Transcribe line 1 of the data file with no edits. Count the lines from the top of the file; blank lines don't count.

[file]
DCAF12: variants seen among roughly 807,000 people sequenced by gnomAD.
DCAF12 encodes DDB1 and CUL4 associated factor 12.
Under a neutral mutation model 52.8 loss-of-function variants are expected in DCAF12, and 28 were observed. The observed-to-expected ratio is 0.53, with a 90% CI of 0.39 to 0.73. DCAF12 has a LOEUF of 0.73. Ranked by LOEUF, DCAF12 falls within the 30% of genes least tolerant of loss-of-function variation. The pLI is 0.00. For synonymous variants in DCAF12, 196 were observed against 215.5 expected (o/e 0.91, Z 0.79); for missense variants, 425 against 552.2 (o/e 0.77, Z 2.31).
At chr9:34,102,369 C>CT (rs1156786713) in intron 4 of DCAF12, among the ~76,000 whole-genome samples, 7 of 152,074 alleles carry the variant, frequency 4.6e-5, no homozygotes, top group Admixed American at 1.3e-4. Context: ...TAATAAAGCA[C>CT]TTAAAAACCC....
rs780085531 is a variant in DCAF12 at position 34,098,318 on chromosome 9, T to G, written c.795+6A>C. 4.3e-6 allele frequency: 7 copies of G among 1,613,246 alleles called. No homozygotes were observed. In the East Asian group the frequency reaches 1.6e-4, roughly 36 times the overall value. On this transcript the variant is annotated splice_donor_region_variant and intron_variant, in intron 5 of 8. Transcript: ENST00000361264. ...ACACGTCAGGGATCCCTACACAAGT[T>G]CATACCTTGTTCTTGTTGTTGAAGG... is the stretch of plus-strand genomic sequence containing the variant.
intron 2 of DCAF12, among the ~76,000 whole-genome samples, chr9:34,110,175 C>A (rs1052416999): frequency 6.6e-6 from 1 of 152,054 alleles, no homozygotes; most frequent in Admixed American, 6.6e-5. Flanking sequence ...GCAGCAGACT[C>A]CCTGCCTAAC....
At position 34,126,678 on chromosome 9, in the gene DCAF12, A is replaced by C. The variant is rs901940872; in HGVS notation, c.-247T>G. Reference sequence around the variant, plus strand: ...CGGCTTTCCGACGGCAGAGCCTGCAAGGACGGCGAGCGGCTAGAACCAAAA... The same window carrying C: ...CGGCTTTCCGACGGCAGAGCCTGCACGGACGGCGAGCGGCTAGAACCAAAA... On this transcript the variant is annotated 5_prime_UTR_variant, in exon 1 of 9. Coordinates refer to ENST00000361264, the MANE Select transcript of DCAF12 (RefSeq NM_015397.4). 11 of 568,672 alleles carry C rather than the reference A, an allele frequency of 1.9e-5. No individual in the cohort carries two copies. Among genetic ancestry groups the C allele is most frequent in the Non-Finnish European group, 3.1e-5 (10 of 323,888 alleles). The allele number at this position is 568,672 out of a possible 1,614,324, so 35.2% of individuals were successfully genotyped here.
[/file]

DCAF12: variants seen among roughly 807,000 people sequenced by gnomAD.